Long-standing allies of the regime, such as Grand Mufti Ahmad Hassun as well as al-Buti, put aside the grievances provoked by the regime’s recent “anti-religious” policies: Being deeply involved in the incumbent system, they had much to lose from Assad’s disappearance. AlButi immediately denounced the protest as a foreign conspiracy and went so far as to praise the Syrian military at a time when it was already responsible for the deaths of thousands of civilians. Al-Buti died in a bomb attack while giving a mosque lesson in March 2013. Very few scholars were as vocal as al-Buti in their support for the regime, but many merely warned against “discord” or took refuge in silence.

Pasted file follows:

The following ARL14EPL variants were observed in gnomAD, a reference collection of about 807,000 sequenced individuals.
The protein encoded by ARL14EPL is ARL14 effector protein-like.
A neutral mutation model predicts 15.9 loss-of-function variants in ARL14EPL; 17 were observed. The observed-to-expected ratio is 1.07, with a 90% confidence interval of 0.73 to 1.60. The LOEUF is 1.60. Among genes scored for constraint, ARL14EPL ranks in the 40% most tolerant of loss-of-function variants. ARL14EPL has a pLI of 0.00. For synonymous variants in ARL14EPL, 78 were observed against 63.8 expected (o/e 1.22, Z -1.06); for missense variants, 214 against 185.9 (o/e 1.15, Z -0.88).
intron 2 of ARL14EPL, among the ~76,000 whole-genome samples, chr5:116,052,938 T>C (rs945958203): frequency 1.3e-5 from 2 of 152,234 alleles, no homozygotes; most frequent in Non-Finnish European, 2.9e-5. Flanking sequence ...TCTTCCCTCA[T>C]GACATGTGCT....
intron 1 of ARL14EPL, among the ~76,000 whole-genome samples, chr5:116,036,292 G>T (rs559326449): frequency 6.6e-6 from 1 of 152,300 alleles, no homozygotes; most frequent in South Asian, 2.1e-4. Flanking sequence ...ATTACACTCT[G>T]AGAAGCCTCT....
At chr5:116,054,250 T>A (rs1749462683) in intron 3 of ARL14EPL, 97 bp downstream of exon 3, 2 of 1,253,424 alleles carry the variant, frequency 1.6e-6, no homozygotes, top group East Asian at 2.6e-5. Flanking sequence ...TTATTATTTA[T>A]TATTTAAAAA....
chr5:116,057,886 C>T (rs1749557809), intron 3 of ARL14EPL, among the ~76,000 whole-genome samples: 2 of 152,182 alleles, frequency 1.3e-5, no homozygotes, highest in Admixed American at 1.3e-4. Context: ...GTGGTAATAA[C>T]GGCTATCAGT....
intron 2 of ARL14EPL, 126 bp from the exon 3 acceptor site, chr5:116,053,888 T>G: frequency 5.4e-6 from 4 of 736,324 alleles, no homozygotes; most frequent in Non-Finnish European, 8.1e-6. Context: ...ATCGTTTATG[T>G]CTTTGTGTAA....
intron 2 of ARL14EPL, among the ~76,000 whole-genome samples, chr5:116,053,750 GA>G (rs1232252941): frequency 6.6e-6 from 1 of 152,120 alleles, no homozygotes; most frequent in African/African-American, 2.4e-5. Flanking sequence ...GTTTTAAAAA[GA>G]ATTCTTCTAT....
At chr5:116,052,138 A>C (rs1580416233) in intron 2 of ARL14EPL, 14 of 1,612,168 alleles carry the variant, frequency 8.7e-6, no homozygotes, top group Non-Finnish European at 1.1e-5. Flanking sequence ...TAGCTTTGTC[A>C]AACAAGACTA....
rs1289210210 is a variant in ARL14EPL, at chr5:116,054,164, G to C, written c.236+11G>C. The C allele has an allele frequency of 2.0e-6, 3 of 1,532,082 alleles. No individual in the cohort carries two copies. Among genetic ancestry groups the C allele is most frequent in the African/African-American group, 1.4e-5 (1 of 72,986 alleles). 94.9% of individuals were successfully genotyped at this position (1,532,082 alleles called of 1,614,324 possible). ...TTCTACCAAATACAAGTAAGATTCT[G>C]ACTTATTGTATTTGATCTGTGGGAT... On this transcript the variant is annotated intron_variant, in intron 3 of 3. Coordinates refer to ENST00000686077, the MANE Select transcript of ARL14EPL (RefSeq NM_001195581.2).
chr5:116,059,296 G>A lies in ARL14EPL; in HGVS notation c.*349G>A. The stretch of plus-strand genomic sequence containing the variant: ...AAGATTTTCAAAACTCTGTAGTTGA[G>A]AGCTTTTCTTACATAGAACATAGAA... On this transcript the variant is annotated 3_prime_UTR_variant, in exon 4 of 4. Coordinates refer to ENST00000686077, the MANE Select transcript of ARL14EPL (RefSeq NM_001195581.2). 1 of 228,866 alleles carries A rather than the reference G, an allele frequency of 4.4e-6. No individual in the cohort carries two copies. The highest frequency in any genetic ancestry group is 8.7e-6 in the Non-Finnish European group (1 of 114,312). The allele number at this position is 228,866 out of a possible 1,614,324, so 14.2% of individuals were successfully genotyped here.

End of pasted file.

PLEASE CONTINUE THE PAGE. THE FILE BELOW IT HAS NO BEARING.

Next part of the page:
Although economic liberalization and the post-2003 oil boom primarily enriched a handful of regime cronies (such as Assad’s cousin Rami Makhlouf), it also benefited businessmen of lower standing—including the small- and medium-sized “pious bourgeoisie,” along with members of old merchant families who had traditionally provided

On the other side of the struggle, revolutionary ulama first emerged in secondary cities that were in the forefront of the uprising, such as Daraa in the south, Homs in the center, and Banias on the coast. In Damascus and Aleppo, which witnessed only limited demonstrations during the first months of the uprising, Friday preachers were 5